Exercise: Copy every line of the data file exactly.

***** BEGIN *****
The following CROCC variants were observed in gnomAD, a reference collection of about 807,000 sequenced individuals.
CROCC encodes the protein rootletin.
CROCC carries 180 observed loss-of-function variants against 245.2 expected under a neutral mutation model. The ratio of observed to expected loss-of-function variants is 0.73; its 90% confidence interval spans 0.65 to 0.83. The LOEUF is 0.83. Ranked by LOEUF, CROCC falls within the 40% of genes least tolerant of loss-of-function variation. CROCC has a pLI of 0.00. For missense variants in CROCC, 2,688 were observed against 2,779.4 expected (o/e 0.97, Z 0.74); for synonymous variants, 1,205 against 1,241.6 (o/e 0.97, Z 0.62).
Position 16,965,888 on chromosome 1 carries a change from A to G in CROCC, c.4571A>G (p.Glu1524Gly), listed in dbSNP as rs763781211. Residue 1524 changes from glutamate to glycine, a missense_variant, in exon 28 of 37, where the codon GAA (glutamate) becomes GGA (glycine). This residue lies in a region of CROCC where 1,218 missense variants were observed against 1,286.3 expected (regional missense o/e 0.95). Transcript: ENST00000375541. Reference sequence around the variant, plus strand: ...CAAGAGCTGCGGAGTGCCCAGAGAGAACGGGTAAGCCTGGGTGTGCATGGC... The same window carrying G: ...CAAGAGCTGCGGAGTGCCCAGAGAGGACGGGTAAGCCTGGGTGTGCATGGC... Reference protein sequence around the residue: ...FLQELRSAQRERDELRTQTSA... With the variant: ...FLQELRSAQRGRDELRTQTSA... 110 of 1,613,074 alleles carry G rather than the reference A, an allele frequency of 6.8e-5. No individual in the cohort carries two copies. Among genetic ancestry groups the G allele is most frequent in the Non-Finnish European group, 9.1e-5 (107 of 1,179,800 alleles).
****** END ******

The following CROCC variants were observed in gnomAD, a reference collection of about 807,000 sequenced individuals.
CROCC encodes the protein rootletin.
CROCC carries 180 observed loss-of-function variants against 245.2 expected under a neutral mutation model. The ratio of observed to expected loss-of-function variants is 0.73; its 90% confidence interval spans 0.65 to 0.83. The LOEUF is 0.83. Ranked by LOEUF, CROCC falls within the 40% of genes least tolerant of loss-of-function variation. CROCC has a pLI of 0.00. For missense variants in CROCC, 2,688 were observed against 2,779.4 expected (o/e 0.97, Z 0.74); for synonymous variants, 1,205 against 1,241.6 (o/e 0.97, Z 0.62).
Position 16,965,888 on chromosome 1 carries a change from A to G in CROCC, c.4571A>G (p.Glu1524Gly), listed in dbSNP as rs763781211. Residue 1524 changes from glutamate to glycine, a missense_variant, in exon 28 of 37, where the codon GAA (glutamate) becomes GGA (glycine). This residue lies in a region of CROCC where 1,218 missense variants were observed against 1,286.3 expected (regional missense o/e 0.95). Transcript: ENST00000375541. Reference sequence around the variant, plus strand: ...CAAGAGCTGCGGAGTGCCCAGAGAGAACGGGTAAGCCTGGGTGTGCATGGC... The same window carrying G: ...CAAGAGCTGCGGAGTGCCCAGAGAGGACGGGTAAGCCTGGGTGTGCATGGC... Reference protein sequence around the residue: ...FLQELRSAQRERDELRTQTSA... With the variant: ...FLQELRSAQRGRDELRTQTSA... 110 of 1,613,074 alleles carry G rather than the reference A, an allele frequency of 6.8e-5. No individual in the cohort carries two copies. Among genetic ancestry groups the G allele is most frequent in the Non-Finnish European group, 9.1e-5 (107 of 1,179,800 alleles).